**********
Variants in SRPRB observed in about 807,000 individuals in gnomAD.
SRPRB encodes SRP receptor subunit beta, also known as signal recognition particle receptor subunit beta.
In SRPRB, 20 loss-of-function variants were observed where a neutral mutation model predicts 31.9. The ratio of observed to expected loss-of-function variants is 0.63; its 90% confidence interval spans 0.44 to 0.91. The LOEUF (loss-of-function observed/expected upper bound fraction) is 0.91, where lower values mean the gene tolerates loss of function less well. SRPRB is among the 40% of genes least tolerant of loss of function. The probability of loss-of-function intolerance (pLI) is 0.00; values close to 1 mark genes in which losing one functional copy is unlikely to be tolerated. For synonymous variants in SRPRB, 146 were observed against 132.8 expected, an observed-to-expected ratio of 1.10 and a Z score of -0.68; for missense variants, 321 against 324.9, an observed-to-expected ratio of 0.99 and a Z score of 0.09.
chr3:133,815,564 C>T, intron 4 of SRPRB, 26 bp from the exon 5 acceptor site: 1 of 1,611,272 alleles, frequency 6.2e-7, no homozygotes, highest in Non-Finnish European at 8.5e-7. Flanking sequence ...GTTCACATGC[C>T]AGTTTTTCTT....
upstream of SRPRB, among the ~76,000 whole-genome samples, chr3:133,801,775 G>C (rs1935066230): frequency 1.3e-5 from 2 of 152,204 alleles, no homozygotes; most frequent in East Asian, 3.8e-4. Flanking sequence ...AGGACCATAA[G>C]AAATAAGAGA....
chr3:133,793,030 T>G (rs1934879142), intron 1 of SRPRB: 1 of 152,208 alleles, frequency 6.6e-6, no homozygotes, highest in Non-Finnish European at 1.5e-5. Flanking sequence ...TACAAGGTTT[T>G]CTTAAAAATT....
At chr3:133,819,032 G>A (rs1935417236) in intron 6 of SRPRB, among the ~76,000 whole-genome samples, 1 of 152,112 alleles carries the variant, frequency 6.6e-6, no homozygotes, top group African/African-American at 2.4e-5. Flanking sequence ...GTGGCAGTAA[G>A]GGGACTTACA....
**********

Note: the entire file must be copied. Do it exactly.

Variants in SRPRB observed in about 807,000 individuals in gnomAD.
SRPRB encodes SRP receptor subunit beta, also known as signal recognition particle receptor subunit beta.
In SRPRB, 20 loss-of-function variants were observed where a neutral mutation model predicts 31.9. The ratio of observed to expected loss-of-function variants is 0.63; its 90% confidence interval spans 0.44 to 0.91. The LOEUF (loss-of-function observed/expected upper bound fraction) is 0.91, where lower values mean the gene tolerates loss of function less well. SRPRB is among the 40% of genes least tolerant of loss of function. The probability of loss-of-function intolerance (pLI) is 0.00; values close to 1 mark genes in which losing one functional copy is unlikely to be tolerated. For synonymous variants in SRPRB, 146 were observed against 132.8 expected, an observed-to-expected ratio of 1.10 and a Z score of -0.68; for missense variants, 321 against 324.9, an observed-to-expected ratio of 0.99 and a Z score of 0.09.
chr3:133,815,564 C>T, intron 4 of SRPRB, 26 bp from the exon 5 acceptor site: 1 of 1,611,272 alleles, frequency 6.2e-7, no homozygotes, highest in Non-Finnish European at 8.5e-7. Flanking sequence ...GTTCACATGC[C>T]AGTTTTTCTT....
upstream of SRPRB, among the ~76,000 whole-genome samples, chr3:133,801,775 G>C (rs1935066230): frequency 1.3e-5 from 2 of 152,204 alleles, no homozygotes; most frequent in East Asian, 3.8e-4. Flanking sequence ...AGGACCATAA[G>C]AAATAAGAGA....
chr3:133,793,030 T>G (rs1934879142), intron 1 of SRPRB: 1 of 152,208 alleles, frequency 6.6e-6, no homozygotes, highest in Non-Finnish European at 1.5e-5. Flanking sequence ...TACAAGGTTT[T>G]CTTAAAAATT....
At chr3:133,819,032 G>A (rs1935417236) in intron 6 of SRPRB, among the ~76,000 whole-genome samples, 1 of 152,112 alleles carries the variant, frequency 6.6e-6, no homozygotes, top group African/African-American at 2.4e-5. Flanking sequence ...GTGGCAGTAA[G>A]GGGACTTACA....